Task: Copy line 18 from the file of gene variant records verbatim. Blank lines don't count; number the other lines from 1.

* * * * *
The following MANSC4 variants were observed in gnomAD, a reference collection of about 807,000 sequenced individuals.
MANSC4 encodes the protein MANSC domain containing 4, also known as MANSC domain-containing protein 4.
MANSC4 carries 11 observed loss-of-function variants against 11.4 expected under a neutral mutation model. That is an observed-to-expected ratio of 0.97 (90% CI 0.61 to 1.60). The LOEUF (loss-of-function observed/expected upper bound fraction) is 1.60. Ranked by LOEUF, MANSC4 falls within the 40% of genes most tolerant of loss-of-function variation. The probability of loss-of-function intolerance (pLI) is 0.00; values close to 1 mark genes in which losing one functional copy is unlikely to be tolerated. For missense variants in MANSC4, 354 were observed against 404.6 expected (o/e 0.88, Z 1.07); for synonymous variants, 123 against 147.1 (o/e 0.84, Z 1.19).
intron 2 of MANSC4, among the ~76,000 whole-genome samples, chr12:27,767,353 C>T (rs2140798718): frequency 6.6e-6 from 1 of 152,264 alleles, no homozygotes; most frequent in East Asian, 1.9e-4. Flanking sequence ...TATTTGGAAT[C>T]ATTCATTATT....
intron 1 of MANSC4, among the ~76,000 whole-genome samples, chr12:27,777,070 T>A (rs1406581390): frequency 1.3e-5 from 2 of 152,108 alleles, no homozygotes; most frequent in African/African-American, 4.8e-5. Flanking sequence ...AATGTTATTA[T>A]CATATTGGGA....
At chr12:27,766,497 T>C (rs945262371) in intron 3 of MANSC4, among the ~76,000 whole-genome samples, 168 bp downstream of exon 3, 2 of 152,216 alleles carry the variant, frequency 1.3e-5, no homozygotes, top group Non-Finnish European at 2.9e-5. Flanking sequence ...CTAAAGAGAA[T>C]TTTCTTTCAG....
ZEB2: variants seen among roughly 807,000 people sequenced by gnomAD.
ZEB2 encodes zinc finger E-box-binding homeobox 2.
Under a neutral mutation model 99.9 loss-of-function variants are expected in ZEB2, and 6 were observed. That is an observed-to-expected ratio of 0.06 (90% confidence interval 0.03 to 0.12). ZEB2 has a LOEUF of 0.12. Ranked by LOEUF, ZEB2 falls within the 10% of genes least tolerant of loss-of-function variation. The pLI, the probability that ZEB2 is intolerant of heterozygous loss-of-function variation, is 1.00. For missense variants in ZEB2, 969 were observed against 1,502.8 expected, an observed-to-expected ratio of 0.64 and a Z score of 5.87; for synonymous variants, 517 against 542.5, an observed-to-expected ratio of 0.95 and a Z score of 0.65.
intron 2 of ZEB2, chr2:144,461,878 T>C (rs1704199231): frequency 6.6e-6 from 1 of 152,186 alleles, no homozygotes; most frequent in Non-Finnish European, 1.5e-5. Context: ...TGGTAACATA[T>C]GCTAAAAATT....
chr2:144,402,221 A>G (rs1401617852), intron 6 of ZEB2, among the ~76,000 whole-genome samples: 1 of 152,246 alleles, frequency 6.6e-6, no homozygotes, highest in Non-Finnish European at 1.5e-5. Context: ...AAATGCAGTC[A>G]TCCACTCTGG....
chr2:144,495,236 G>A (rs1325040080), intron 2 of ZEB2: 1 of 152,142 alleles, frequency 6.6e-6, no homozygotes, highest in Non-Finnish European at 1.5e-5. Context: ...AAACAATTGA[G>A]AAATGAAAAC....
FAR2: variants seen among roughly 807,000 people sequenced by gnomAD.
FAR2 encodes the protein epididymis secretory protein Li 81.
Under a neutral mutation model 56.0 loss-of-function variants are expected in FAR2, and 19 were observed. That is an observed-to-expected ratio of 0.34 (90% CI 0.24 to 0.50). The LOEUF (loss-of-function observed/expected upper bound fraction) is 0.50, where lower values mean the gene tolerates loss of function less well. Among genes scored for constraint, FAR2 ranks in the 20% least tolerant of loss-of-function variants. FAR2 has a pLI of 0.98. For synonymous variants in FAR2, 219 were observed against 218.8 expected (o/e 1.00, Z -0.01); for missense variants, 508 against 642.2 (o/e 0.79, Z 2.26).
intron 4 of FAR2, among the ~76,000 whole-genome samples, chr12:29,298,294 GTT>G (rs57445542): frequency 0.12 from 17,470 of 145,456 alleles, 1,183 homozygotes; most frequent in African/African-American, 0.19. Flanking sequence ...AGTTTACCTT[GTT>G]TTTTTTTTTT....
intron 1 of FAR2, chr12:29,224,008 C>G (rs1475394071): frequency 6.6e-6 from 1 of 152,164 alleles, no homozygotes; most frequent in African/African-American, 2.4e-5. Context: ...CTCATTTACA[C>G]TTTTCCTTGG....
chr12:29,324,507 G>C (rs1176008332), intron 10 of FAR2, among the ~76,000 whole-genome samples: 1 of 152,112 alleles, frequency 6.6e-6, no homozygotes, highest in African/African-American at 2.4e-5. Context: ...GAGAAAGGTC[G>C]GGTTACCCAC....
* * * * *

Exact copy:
chr12:29,324,507 G>C (rs1176008332), intron 10 of FAR2, among the ~76,000 whole-genome samples: 1 of 152,112 alleles, frequency 6.6e-6, no homozygotes, highest in African/African-American at 2.4e-5. Context: ...GAGAAAGGTC[G>C]GGTTACCCAC....